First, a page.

It’s sometimes amazing to me the way the travel industry has changed since I began traveling on my own in earnest 10+ years ago. And this is perhaps no more true than in the business of lodging around the world.
A look back to 2008
In February 2008, I embarked on my first “solo” international adventure. OK, so I was going for a study abroad semester sponsored by my university, so I wouldn’t be totally on my own, but the fact remained that my parents would not be booking my flights and lodging for any travel once I landed in Australia.
The university set us up in a hotel for the night we arrived in Perth, and then we were in our dorms (flats) for the remainder of the semester. But I wasn’t staying in Perth the whole time––I’d flown literally to the other side of the world. I was going to travel. And travel, I did. I’ll get more into those destinations in another post, but as I think about it, I realize that in Australia, I stayed in only three types of places: hotel rooms, friends’ houses, and hostels. In today’s world of home rentals and nontraditional accommodations, I can only imagine how much more epic our travels around Aus could have been.
A decade later
In the time that Mike and I have been together (we just celebrated 4 years together), we’ve stayed in a fair number of hotels, but more often than not, we’ve stayed in the homes of complete strangers.
Yes, we stayed in a resort on our first weekend away to Western Maryland, and at an all-inclusive spot in Jamaica. We’ve stayed at a handful of hotels for friends’ weddings. And we were put up in a hotel in Denver on our Pack Up + Go surprise vacation.
But when given the choice, we will almost always choose to stay in an Airbnb instead.
Airbnbs we’ve stayed in
Since the first trip we booked via Airbnb in September 2016, we’ve stayed in 11 Airbnbs all over the world, including:
- A secluded cabin in the woods in Stanley, Virginia to say goodbye to 2016 and celebrate two years of dating
- A houseboat in Amsterdam to kick off our honeymoon
- An apartment with a rooftop terrace in Zurich
- A guesthouse in Hollywood, Florida for a quick spring getaway
- A condo two blocks from the beach in the Kill Devil Hills on the Outer Banks of North Carolina
Once you get past the initial “weird” factor of staying in someone else’s home (either with or without them there), we’ve found that it’s preferable to staying in a hotel. What we’ve always loved about staying in Airbnbs are the unexpected perks and added benefits that you just don’t get at a hotel.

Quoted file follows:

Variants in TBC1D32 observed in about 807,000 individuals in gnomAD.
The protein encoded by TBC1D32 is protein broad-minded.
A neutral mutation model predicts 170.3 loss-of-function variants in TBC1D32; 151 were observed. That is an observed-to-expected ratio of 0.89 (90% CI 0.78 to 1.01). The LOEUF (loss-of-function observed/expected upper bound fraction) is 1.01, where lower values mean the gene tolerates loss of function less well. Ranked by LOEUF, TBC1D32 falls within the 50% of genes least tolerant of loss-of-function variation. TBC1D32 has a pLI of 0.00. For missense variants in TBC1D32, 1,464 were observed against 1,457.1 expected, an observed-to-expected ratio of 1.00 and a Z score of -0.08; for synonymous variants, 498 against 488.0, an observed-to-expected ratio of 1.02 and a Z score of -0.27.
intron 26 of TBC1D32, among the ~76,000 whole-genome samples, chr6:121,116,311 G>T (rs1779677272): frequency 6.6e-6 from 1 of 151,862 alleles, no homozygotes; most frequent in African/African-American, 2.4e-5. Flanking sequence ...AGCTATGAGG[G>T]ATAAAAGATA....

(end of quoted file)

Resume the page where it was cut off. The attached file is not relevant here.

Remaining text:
Nothing like local advice
By far our favorite thing about staying in Airbnbs is the advice left by our hosts with little-known destinations and suggestions to help us experience our vacation like a local would. We can always use Yelp to find a good place to eat, but that dive bar with the great drink specials, friendly bartenders, and off-the-wall decor that has no Google reviews? Good luck finding that without a tip from someone who lives there.
Many of our hosts in Airbnbs have left us binders full of maps marked up by hand with their favorite watering holes and places to grab a bite in addition to the “traditional” tourist guides. Knowing the best time to check out that brunch place to avoid the crowds or the back way to a quiet place on the beach is invaluable when you’re looking to make the most of a short trip.
What we love about this touch is that these recommendations feel 100% genuine. You don’t get the feeling that the hotel is getting a kickback for each reservation made at a particular restaurant, and you are, more often than not, supporting a small business.
Bikes, breakfast, and bees, oh my!
Some of the other added perks we’ve gotten at Airbnbs have included: use of bicycles and beach chairs in Kill Devil Hills; breakfast made by very gracious hosts in Amsterdam; a bottle of bubbly left by our hosts to celebrate our marriage in Zurich; and a bee farm in Virginia (which meant we got a sample of truly local honey). These little touches have made our trips memorable and unique without increasing the price of our accommodations.
We also love the ability to cook a meal or two on each trip to save some money, especially since cooking together is one of the things we most enjoy. On our two-week honeymoon through Europe (for which we only packed a duffle bag and two small backpacks), laundry facilities in our Airbnbs were also clutch. We conveniently booked an Airbnb halfway through the trip that had a washer and dryer available for our use––for free!
Get a real feel for the local culture
As a journalist, sociologist, and traveler, getting a real feel for the local culture is incredibly important to me. And I’ve found that one of the best ways to do that is to see how people are in their own homes! There is nothing like seeing what homes in Europe are like firsthand (spoiler alert: bathrooms are tiny), walking (or biking) the neighborhoods, shopping where the locals shop, riding the train, or stopping for a pint in a pub on the way home after a long day exploring.
Or in the case of our trip to Stanley, Virginia (because who’s ever heard of Stanley?!), we literally just picked a place on the map and went. We were in the middle of nowhere and had no cell service, but that was exactly what we were looking for––an opportunity to get away, have the great outdoors all around us, and time to just be together.
What about you?
Have you stayed in many Airbnbs, or do you prefer to stick to the hotel chains you know and trust? What was the most surprising Airbnb experience you’ve had?
If you haven’t tried an Airbnb yet, use this link to get $40 off a home booking of $75 or more, or $15 off an experience booking of $50 or more. (Note: We will receive $10-20 if you complete a stay or experience through our link.)
Stay tuned for another post with our tips for getting the best out of your Airbnb bookings!